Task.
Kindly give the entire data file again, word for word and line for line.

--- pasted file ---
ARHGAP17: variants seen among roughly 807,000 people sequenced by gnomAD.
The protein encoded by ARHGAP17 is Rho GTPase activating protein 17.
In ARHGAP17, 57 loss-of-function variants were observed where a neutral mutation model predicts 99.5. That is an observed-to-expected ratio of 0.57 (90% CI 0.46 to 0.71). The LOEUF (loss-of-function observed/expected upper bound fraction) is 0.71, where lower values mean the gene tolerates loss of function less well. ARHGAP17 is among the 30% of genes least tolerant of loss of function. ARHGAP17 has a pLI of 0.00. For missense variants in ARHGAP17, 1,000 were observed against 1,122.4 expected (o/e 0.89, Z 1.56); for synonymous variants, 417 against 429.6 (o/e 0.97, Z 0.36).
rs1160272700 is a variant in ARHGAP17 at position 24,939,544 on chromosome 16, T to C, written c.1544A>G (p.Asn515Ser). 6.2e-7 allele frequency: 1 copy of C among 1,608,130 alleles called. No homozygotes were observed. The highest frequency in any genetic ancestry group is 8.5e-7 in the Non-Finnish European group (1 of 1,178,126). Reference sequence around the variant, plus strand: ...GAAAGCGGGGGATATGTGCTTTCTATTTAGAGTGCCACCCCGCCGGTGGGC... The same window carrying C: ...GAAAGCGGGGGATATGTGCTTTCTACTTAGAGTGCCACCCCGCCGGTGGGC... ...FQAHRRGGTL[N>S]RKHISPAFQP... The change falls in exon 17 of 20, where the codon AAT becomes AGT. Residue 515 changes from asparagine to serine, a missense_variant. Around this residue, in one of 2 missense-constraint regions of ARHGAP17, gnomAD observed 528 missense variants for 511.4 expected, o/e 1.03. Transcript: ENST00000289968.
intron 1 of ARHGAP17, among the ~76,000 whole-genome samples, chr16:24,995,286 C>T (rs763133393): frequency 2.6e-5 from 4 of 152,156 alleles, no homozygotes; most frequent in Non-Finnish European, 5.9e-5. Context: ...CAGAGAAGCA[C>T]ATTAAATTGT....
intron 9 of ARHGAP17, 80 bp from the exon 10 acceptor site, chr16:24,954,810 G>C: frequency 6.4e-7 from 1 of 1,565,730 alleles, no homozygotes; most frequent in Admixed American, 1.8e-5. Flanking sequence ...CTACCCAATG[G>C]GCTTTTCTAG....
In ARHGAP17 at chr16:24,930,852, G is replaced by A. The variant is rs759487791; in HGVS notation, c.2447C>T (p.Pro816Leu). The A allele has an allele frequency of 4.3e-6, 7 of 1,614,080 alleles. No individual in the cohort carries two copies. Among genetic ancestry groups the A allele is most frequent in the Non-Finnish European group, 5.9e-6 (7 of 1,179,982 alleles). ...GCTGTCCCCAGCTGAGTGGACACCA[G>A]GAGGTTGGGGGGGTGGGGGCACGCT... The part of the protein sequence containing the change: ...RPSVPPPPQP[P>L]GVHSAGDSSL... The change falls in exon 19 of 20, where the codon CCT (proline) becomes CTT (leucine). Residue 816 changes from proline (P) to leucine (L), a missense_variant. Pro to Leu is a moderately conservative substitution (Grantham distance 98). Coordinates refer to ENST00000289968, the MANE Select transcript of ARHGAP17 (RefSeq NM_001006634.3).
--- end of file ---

ARHGAP17: variants seen among roughly 807,000 people sequenced by gnomAD.
The protein encoded by ARHGAP17 is Rho GTPase activating protein 17.
In ARHGAP17, 57 loss-of-function variants were observed where a neutral mutation model predicts 99.5. That is an observed-to-expected ratio of 0.57 (90% CI 0.46 to 0.71). The LOEUF (loss-of-function observed/expected upper bound fraction) is 0.71, where lower values mean the gene tolerates loss of function less well. ARHGAP17 is among the 30% of genes least tolerant of loss of function. ARHGAP17 has a pLI of 0.00. For missense variants in ARHGAP17, 1,000 were observed against 1,122.4 expected (o/e 0.89, Z 1.56); for synonymous variants, 417 against 429.6 (o/e 0.97, Z 0.36).
rs1160272700 is a variant in ARHGAP17 at position 24,939,544 on chromosome 16, T to C, written c.1544A>G (p.Asn515Ser). 6.2e-7 allele frequency: 1 copy of C among 1,608,130 alleles called. No homozygotes were observed. The highest frequency in any genetic ancestry group is 8.5e-7 in the Non-Finnish European group (1 of 1,178,126). Reference sequence around the variant, plus strand: ...GAAAGCGGGGGATATGTGCTTTCTATTTAGAGTGCCACCCCGCCGGTGGGC... The same window carrying C: ...GAAAGCGGGGGATATGTGCTTTCTACTTAGAGTGCCACCCCGCCGGTGGGC... ...FQAHRRGGTL[N>S]RKHISPAFQP... The change falls in exon 17 of 20, where the codon AAT becomes AGT. Residue 515 changes from asparagine to serine, a missense_variant. Around this residue, in one of 2 missense-constraint regions of ARHGAP17, gnomAD observed 528 missense variants for 511.4 expected, o/e 1.03. Transcript: ENST00000289968.
intron 1 of ARHGAP17, among the ~76,000 whole-genome samples, chr16:24,995,286 C>T (rs763133393): frequency 2.6e-5 from 4 of 152,156 alleles, no homozygotes; most frequent in Non-Finnish European, 5.9e-5. Context: ...CAGAGAAGCA[C>T]ATTAAATTGT....
intron 9 of ARHGAP17, 80 bp from the exon 10 acceptor site, chr16:24,954,810 G>C: frequency 6.4e-7 from 1 of 1,565,730 alleles, no homozygotes; most frequent in Admixed American, 1.8e-5. Flanking sequence ...CTACCCAATG[G>C]GCTTTTCTAG....
In ARHGAP17 at chr16:24,930,852, G is replaced by A. The variant is rs759487791; in HGVS notation, c.2447C>T (p.Pro816Leu). The A allele has an allele frequency of 4.3e-6, 7 of 1,614,080 alleles. No individual in the cohort carries two copies. Among genetic ancestry groups the A allele is most frequent in the Non-Finnish European group, 5.9e-6 (7 of 1,179,982 alleles). ...GCTGTCCCCAGCTGAGTGGACACCA[G>A]GAGGTTGGGGGGGTGGGGGCACGCT... The part of the protein sequence containing the change: ...RPSVPPPPQP[P>L]GVHSAGDSSL... The change falls in exon 19 of 20, where the codon CCT (proline) becomes CTT (leucine). Residue 816 changes from proline (P) to leucine (L), a missense_variant. Pro to Leu is a moderately conservative substitution (Grantham distance 98). Coordinates refer to ENST00000289968, the MANE Select transcript of ARHGAP17 (RefSeq NM_001006634.3).